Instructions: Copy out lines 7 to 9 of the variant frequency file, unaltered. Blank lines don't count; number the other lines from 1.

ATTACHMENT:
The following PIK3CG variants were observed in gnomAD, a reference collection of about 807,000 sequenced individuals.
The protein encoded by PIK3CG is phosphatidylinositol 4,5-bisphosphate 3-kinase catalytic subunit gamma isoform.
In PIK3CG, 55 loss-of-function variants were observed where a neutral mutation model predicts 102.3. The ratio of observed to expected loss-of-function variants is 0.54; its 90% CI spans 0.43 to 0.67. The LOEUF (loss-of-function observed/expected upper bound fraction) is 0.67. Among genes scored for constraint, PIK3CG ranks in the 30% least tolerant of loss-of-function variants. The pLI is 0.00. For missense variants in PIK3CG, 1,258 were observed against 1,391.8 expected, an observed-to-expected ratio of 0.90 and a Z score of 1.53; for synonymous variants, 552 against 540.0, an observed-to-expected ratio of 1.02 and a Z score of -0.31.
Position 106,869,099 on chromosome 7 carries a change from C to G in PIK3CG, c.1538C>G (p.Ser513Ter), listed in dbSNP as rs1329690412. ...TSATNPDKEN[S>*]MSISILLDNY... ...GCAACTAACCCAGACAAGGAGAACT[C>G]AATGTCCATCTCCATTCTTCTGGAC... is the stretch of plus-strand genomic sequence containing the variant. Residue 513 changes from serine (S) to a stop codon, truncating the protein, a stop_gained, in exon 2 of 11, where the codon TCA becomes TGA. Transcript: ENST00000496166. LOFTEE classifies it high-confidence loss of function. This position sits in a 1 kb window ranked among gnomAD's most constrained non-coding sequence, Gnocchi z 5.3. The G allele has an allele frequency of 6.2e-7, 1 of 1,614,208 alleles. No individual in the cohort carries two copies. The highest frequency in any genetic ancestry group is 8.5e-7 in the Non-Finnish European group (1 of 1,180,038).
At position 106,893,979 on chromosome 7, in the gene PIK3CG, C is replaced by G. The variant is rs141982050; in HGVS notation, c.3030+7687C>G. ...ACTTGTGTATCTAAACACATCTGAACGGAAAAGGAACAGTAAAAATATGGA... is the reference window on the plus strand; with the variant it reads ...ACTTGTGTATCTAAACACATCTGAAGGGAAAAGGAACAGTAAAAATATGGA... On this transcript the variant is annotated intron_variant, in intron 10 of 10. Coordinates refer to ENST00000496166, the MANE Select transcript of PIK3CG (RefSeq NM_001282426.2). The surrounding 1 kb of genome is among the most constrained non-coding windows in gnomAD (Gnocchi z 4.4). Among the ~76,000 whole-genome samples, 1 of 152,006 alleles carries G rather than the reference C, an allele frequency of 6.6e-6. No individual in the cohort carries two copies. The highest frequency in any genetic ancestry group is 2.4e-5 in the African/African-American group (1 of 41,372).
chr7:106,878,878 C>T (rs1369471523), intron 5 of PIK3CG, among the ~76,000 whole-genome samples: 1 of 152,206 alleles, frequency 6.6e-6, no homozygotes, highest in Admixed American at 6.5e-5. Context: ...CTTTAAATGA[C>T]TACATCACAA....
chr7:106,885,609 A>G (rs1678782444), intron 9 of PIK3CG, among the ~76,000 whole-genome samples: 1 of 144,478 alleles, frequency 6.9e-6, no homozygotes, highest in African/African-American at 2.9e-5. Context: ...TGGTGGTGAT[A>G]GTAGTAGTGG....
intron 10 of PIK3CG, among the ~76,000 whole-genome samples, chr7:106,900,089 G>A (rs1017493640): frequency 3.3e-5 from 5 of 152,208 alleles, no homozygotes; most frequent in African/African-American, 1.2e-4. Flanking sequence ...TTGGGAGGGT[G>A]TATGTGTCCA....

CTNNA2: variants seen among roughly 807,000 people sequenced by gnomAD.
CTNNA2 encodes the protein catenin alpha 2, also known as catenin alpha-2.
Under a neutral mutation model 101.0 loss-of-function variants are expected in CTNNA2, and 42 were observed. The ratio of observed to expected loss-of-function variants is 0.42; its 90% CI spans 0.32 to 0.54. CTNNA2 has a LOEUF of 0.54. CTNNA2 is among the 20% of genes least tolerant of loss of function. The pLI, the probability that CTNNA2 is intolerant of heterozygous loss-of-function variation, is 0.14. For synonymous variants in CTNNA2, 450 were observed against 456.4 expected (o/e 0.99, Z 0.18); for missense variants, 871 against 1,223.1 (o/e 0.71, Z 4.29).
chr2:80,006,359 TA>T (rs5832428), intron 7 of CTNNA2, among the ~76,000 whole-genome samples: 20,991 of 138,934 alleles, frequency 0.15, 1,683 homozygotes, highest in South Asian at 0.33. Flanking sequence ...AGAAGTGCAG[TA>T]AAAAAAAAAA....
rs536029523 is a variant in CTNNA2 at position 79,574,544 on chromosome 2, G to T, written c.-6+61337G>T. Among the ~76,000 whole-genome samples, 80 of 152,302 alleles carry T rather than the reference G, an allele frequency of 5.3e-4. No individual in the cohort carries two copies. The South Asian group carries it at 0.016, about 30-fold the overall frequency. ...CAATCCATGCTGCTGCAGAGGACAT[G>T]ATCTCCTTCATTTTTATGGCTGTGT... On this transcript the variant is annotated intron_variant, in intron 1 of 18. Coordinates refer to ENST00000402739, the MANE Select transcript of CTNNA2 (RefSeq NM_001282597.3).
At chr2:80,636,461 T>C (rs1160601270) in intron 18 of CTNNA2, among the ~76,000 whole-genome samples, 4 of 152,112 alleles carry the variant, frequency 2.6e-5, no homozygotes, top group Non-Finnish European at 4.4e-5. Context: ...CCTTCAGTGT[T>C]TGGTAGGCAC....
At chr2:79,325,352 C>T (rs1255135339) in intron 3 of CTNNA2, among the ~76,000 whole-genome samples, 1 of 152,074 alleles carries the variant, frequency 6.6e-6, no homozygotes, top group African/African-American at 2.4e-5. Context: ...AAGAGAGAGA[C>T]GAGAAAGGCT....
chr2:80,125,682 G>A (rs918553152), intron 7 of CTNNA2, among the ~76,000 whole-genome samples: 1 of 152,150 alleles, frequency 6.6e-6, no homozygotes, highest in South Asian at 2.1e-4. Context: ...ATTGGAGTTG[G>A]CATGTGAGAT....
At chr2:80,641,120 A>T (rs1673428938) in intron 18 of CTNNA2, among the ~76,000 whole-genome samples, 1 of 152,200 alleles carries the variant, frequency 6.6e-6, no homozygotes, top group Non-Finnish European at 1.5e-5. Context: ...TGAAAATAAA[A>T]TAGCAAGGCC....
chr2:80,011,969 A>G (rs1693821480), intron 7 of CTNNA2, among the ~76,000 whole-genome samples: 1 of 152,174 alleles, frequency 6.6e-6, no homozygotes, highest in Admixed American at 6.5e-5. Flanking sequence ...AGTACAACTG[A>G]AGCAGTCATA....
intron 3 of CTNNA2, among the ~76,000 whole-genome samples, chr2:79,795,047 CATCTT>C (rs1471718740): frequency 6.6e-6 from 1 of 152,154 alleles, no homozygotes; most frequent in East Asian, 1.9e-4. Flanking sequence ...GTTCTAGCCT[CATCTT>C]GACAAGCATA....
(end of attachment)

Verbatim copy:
chr7:106,885,609 A>G (rs1678782444), intron 9 of PIK3CG, among the ~76,000 whole-genome samples: 1 of 144,478 alleles, frequency 6.9e-6, no homozygotes, highest in African/African-American at 2.9e-5. Context: ...TGGTGGTGAT[A>G]GTAGTAGTGG....
intron 10 of PIK3CG, among the ~76,000 whole-genome samples, chr7:106,900,089 G>A (rs1017493640): frequency 3.3e-5 from 5 of 152,208 alleles, no homozygotes; most frequent in African/African-American, 1.2e-4. Flanking sequence ...TTGGGAGGGT[G>A]TATGTGTCCA....

CTNNA2: variants seen among roughly 807,000 people sequenced by gnomAD.